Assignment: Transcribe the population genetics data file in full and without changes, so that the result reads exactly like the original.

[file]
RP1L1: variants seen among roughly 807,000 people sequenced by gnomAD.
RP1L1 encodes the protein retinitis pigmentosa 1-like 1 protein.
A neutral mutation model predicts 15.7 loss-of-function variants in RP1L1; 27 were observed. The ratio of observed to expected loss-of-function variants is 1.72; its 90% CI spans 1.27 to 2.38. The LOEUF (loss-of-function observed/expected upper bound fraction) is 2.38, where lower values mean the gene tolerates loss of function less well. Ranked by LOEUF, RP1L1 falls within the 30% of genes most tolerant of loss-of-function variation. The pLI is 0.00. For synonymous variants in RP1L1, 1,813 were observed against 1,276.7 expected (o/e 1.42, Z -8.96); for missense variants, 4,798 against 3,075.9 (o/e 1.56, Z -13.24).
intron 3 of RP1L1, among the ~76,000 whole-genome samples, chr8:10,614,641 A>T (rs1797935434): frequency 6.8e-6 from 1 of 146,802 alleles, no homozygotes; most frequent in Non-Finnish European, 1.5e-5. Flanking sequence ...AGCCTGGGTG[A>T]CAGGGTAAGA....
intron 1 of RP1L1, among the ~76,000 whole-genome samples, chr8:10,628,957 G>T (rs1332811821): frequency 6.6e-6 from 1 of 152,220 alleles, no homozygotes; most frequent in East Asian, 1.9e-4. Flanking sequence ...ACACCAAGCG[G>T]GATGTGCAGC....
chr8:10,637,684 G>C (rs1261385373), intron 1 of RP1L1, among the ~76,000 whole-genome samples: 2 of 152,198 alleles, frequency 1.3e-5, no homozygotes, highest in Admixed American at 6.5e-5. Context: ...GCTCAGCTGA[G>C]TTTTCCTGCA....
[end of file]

RP1L1: variants seen among roughly 807,000 people sequenced by gnomAD.
RP1L1 encodes the protein retinitis pigmentosa 1-like 1 protein.
A neutral mutation model predicts 15.7 loss-of-function variants in RP1L1; 27 were observed. The ratio of observed to expected loss-of-function variants is 1.72; its 90% CI spans 1.27 to 2.38. The LOEUF (loss-of-function observed/expected upper bound fraction) is 2.38, where lower values mean the gene tolerates loss of function less well. Ranked by LOEUF, RP1L1 falls within the 30% of genes most tolerant of loss-of-function variation. The pLI is 0.00. For synonymous variants in RP1L1, 1,813 were observed against 1,276.7 expected (o/e 1.42, Z -8.96); for missense variants, 4,798 against 3,075.9 (o/e 1.56, Z -13.24).
intron 3 of RP1L1, among the ~76,000 whole-genome samples, chr8:10,614,641 A>T (rs1797935434): frequency 6.8e-6 from 1 of 146,802 alleles, no homozygotes; most frequent in Non-Finnish European, 1.5e-5. Flanking sequence ...AGCCTGGGTG[A>T]CAGGGTAAGA....
intron 1 of RP1L1, among the ~76,000 whole-genome samples, chr8:10,628,957 G>T (rs1332811821): frequency 6.6e-6 from 1 of 152,220 alleles, no homozygotes; most frequent in East Asian, 1.9e-4. Flanking sequence ...ACACCAAGCG[G>T]GATGTGCAGC....
chr8:10,637,684 G>C (rs1261385373), intron 1 of RP1L1, among the ~76,000 whole-genome samples: 2 of 152,198 alleles, frequency 1.3e-5, no homozygotes, highest in Admixed American at 6.5e-5. Context: ...GCTCAGCTGA[G>C]TTTTCCTGCA....